Man, my reviews have been longwinded lately. Here's another one: I had two simultaneous, totally separate reactions to this book, and I'm still working on reconciling them.
It basically went like this - on the one hand: HELL YES. ONLY REALLY GREAT TREK BOOK IN ALL OF 2010. On the other hand: Star Trek has a really annoying problem right now.
Let’s start with the bad news first – holy crap does the Star Trek universe have no idea where it’s going. It’s strangely almost palpable, what’s happened since Marco left the line. He juggled Vanguard, Titan, DS9, Mirror Universe, Lost Era, Voyager, and various other linked things, all in different time frames no less, and STILL made them feel like part of an evolving and unified narrative going interesting places. Then, he leaves, Margaret Clark decides to bring all the series up to the same time frame – something that you’d think would help coordination – and now all of a sudden it feels like authors are just grabbing whatever plot threads they feel like grabbing and making a giant clusterfuck out of the entire enterprise.
Like, the Typhon Pact's purpose was to examine these alien societies, and that's been going pretty well. The problem is that totally random character threads have been used around them. Tuvok is now the repository of all terraforming knowledge, which works with his time on the Excelsior in some way… Bashir is joining Section 31, somehow… and now we have Sisko, leaving his wife and rejoining Starfleet, in a plotline that tangentially and awkwardly touches the overarching narrative twice (remembering Tzenkethi, speaking with Donatra) but has no comfortable place in this novel.
And look at what's happened to DS9! Now we have Bashir on a random irritating cliffhanger from a book that had nothing else to do with DS9, a major conflict behind us with no real hint at its impact (Ascendents), several stories totally hanging from several years prior (Taran'atar, Dominion), and now Sisko leaving his wife... It’s just a mess, quite honestly; a complete mess. It’s just destroyed the through-lines of the DS9 stories almost completely, and I have no idea how we’ll be picking up the pieces after this. Sisko's story is so completely connected to the DS9 mythology that it needed to happen in a DS9 novel, with the other characters reacting and being a part of it. Right now, it feels like it's going nowhere. Is this setup for Sisko to be an adversary to the Tzenkethi later, outside the DS9 stories? For his wife to get him back, in a story about the Bajoran religion? No idea.
Come to think of it, that might actually be the reason all this plot intertwining is bothering me; it’s completely unclear where they’re trying to go. Sisko is being set up for something here, but what? Bashir…? Tuvok…? Where is all this headed? When Marco did this shit, I felt like he had a plan. Right now, it's just scattershot and confusing, including yet another DS9 plot being grabbed in a TNG story in Paths Of Disharmony. AND we know NONE of this is being followed up on until 2012 at the earliest. At this point, it feels like we need like a 10 book miniseries involving everyone in the whole 24th century crossing over with everyone else just to get the plotlines untangled and sorted back out into individual series. It's frustrating as hell, and all this damage has been done in three books!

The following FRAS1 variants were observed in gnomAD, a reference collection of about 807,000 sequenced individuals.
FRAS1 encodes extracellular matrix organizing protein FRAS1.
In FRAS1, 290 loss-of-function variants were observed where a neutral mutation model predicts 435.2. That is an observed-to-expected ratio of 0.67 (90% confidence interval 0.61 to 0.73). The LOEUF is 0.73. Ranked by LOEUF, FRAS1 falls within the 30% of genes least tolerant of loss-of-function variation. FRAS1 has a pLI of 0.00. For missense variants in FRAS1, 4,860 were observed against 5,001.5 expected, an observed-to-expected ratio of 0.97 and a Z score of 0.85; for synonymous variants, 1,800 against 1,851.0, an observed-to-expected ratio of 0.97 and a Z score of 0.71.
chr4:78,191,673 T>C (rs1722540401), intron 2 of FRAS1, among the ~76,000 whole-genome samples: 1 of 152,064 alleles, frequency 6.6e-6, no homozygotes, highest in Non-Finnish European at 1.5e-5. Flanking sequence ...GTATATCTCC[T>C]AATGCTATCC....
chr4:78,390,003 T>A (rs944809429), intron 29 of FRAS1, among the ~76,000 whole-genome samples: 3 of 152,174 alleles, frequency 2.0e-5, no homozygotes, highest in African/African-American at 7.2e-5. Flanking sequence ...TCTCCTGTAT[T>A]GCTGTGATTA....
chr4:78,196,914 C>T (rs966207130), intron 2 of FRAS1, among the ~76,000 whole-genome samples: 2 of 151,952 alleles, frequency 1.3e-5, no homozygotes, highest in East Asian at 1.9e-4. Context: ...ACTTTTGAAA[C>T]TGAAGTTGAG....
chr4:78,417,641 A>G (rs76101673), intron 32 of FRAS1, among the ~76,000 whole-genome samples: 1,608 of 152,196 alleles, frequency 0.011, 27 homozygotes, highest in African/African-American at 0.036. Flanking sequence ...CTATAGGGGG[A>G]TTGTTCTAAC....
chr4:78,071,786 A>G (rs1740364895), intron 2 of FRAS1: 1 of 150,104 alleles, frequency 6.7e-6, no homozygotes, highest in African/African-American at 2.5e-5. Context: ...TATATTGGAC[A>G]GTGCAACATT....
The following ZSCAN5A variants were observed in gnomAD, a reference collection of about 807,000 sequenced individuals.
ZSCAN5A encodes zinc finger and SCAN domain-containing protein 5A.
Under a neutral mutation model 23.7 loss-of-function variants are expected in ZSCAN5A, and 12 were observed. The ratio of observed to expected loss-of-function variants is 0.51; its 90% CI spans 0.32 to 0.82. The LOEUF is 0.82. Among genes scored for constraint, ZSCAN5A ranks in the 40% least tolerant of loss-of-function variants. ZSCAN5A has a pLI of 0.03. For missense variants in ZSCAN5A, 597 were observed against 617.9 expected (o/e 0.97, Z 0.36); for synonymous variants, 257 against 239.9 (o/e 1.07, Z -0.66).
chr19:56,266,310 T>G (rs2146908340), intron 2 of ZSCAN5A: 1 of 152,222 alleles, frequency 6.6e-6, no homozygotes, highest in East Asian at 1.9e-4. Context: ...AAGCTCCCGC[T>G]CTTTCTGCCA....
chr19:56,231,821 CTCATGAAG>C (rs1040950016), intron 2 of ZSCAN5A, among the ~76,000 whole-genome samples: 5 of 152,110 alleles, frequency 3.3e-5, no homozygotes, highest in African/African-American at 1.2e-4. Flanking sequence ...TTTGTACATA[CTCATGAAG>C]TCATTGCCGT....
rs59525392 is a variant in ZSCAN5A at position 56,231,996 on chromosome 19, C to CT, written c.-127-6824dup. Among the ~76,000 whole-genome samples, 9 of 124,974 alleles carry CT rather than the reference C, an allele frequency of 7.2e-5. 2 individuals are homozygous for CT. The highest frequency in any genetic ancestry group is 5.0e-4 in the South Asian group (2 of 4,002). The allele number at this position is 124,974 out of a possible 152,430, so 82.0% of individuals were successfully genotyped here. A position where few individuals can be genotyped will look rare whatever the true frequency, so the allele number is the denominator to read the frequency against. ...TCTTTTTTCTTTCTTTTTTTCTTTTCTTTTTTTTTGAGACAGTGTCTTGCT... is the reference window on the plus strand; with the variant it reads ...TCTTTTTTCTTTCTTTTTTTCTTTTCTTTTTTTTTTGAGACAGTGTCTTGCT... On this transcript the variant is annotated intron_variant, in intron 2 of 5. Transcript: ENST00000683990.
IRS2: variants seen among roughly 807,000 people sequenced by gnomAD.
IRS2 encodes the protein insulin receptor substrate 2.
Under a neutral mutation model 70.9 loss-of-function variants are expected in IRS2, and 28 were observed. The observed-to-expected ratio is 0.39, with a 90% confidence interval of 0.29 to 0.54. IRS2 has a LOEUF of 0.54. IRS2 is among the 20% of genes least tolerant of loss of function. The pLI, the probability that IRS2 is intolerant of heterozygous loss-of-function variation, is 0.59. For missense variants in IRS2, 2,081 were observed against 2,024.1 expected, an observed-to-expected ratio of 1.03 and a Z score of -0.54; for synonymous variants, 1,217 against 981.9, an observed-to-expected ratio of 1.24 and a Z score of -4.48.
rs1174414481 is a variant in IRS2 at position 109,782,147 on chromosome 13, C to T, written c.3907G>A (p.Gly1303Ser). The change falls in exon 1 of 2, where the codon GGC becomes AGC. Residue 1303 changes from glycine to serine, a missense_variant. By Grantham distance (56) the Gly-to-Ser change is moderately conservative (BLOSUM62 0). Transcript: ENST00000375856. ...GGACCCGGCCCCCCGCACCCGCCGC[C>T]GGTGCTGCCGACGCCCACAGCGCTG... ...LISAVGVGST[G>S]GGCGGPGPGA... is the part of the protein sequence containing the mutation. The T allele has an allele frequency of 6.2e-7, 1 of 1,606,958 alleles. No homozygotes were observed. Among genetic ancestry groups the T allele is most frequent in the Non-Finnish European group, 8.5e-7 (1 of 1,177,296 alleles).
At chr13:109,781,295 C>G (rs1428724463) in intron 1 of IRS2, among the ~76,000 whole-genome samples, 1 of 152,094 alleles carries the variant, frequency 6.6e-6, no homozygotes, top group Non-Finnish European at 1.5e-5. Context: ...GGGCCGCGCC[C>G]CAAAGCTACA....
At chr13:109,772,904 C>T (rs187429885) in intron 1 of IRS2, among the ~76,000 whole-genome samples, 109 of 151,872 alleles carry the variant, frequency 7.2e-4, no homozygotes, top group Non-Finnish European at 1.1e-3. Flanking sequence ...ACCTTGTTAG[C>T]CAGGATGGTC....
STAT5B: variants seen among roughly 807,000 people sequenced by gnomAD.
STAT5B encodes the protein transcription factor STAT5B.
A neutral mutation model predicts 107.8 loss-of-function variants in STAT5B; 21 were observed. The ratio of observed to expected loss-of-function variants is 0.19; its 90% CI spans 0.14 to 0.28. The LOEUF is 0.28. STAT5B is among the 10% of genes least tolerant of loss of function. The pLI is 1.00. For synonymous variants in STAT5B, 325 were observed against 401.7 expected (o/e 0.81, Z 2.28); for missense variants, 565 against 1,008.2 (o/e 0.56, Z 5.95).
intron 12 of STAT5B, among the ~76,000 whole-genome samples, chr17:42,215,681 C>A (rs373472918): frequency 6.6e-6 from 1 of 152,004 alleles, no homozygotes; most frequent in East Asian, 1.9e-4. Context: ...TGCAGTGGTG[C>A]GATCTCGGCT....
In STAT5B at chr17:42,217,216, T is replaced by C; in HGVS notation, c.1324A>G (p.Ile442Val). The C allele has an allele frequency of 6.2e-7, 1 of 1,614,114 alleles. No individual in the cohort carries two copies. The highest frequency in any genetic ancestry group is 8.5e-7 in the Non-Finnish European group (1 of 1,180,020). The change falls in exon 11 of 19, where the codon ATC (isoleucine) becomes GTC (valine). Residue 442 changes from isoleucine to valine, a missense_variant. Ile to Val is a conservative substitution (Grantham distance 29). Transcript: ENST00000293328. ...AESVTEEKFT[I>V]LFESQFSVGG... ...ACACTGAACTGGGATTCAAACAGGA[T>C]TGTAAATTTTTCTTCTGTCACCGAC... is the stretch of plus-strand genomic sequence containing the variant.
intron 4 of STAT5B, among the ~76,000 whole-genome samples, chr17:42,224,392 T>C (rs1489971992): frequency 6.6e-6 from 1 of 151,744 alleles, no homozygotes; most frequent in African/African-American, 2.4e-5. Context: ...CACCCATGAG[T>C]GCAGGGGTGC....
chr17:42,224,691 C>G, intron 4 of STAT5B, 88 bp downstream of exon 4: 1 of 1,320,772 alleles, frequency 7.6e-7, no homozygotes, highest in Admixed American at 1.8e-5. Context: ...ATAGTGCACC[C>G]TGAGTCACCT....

But on the flipside...
Everything that happens in this book – disconnected and divorced from context though it is – is AWESOME.
1) The Tzenkethi are freaking brilliant and incredibly intimidating and cold and awesome and I love them. Having one - ONE - genetically predetermined problem solver just totally fix the entire Romulan problem? THAT is how you introduce a bad guy. These are some serious ceiling-walking badass motherfuckers, and I can't wait to see them again.
2) The turns of the Romulan Empire are fabulous (and completely surprising to me). Putting the Romulan Empire in the hands of a new and totally sane Praetor is exactly what should be happening right now.
3) Spock is characterized better than I’ve ever seen him and is starting nicely to move towards canon’s placement for him from JJTrek. I really could practically hear Nimoy delivering the lines; flawless.
4) Finally, in my opinion, Sisko’s story couldn't be more perfect. It’s exactly right in that painful, Joss Whedon way where it’s so totally sad and wrong and upsetting and unhappy for everyone involved, but it’s exactly where Sisko needs to go next. Yes, I understand the awkwardness inherent in turning a black man into a deadbeat dad, but if we could kill off Janeway and still have no problem throwing out the most gender-equal story in Trek history the very next year (Destiny), I think we can get away with this. Because it’s so perfect. I mean, that story really needed to happen in an actual DS9 novel and not here, since leaving out everyone’s reactions is really odd, but as it stands here it still presents a completely reasonable reaction to impossibly bizarre circumstances that took some real guts to pitch and write. I’m impressed.
Honestly: I loved every twist, every turn, and every character. This was written brilliantly.
But: MAN, is it clear what the lack of good editorial leadership is doing. Jesus. This book was great, but this whole miniseries is an absolute disaster, structurally.